As I was preparing for a sermon this week, I came across a dilemma. The passage assigned to me was Colossians 2:6-23. It’s a great passage that forms the theological crux of the letter. However, the text is also quite lengthy and filled to the brink with theological points and cultural references. I realized that if I wanted to preach this passage in its fullest, I would need about an hour and a half to explain all the details and make the sermon applicable.
Unfortunately, preaching for an hour and a half would be unacceptable (our services don’t even last that long!). Ideally, I would split the passage into two sermons. However, we have a preaching schedule to keep and I didn’t want to throw off the rest of the dates. I could also attempt to speak at the speed of light which most people will not appreciate (by the way, there’s a lot of talent that goes into doing that).
The dilemma came about when I wanted to include a good illustration to make a key point concrete and memorable. Would it really be wise to spend time telling a story when there were so many verses that could be explained further? In short, do I make the point memorable or do I continue to dish out more information? I chose to tell the story and here’s why:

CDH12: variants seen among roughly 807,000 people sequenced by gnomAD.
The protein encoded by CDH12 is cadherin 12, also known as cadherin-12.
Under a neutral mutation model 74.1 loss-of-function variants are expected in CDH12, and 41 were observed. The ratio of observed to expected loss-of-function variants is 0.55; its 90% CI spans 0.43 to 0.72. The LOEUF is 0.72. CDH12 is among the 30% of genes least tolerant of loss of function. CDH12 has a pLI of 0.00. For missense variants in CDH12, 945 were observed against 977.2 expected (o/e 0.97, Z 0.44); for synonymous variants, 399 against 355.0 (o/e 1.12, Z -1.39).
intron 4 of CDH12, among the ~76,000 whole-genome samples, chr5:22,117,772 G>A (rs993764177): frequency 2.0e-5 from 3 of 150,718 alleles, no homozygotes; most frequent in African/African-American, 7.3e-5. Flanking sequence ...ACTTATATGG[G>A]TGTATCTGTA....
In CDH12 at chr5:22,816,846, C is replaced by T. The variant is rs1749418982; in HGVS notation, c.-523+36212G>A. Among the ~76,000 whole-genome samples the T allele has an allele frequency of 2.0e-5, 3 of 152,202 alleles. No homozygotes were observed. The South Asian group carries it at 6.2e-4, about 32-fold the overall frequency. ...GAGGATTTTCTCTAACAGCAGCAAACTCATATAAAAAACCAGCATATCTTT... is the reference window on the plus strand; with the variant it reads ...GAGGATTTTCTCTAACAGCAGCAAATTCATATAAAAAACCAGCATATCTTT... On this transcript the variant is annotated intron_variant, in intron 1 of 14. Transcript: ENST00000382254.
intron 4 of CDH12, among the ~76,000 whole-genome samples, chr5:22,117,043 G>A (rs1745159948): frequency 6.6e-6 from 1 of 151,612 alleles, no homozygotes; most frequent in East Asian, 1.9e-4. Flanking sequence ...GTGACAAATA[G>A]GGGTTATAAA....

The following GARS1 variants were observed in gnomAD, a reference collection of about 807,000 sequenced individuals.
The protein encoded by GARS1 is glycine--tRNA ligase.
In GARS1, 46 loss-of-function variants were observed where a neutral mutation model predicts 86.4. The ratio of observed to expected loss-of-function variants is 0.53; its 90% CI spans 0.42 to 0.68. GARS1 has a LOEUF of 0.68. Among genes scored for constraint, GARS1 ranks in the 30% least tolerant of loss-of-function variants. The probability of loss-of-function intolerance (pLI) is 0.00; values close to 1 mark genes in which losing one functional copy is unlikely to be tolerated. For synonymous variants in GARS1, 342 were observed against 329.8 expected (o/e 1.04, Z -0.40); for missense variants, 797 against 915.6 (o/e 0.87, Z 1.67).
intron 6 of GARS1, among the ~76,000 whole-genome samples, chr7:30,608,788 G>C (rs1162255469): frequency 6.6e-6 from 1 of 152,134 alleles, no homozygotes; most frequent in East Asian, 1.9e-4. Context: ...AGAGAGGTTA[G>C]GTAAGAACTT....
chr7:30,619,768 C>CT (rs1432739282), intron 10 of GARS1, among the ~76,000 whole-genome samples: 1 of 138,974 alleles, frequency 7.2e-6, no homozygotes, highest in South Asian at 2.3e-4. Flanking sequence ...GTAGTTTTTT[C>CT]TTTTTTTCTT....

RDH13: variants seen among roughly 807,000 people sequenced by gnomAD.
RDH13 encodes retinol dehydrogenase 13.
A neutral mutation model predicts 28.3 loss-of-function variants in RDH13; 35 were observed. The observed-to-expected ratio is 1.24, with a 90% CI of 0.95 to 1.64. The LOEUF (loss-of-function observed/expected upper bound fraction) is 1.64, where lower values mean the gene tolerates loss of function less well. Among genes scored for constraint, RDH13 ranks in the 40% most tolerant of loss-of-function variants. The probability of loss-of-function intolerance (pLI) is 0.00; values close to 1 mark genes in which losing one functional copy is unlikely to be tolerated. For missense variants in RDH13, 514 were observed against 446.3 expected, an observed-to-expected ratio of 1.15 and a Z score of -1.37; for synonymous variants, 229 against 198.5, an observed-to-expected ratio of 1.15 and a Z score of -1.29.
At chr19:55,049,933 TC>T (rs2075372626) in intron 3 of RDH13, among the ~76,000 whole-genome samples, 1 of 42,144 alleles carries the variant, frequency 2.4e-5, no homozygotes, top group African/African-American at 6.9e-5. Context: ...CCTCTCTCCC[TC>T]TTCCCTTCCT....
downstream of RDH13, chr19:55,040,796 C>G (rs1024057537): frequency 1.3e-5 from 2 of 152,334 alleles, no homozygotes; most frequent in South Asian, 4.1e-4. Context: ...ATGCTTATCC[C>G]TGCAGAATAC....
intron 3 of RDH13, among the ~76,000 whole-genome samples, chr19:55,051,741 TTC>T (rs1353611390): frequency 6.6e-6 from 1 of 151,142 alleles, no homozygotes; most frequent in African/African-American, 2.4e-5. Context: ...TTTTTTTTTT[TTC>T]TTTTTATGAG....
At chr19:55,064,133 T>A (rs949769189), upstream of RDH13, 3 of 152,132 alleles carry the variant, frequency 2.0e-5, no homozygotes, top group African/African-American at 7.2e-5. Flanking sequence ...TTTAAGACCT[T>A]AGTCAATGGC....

(1) I want people to remember the key points.
People will not remember most of your sermon (I hope that doesn’t hurt your feelings). And so preachers will need to be selective with what they want their congregations to take home with them. At the very least, people should take home the key points. Stories will greatly help in making those points memorable.
(2) I want people to apply the key points.
Logic simply dictates that if your audience can’t recall the key points, they won’t be able to apply them. Remember, the end goal of preaching isn’t to transfer knowledge (though it can be important). The end goal is to change lives.
(3) People can delve into further details on their own.
We give our congregations too little credit. They’re intelligent and there are plenty of resources available to help with further research. Since I had only 30 minutes to preach, I couldn’t crack open every nook and cranny in the passage. This becomes a great opportunity to invite the audience to study the text in greater detail on their own time.
Let me end by saying this: information and explanations are important. We won’t be able to fully understand a passage without them. However, we are forced to be selective with how much information we can dish out in a single sermon without compromising the message and its application.
I wonder what you would have done: information or illustration?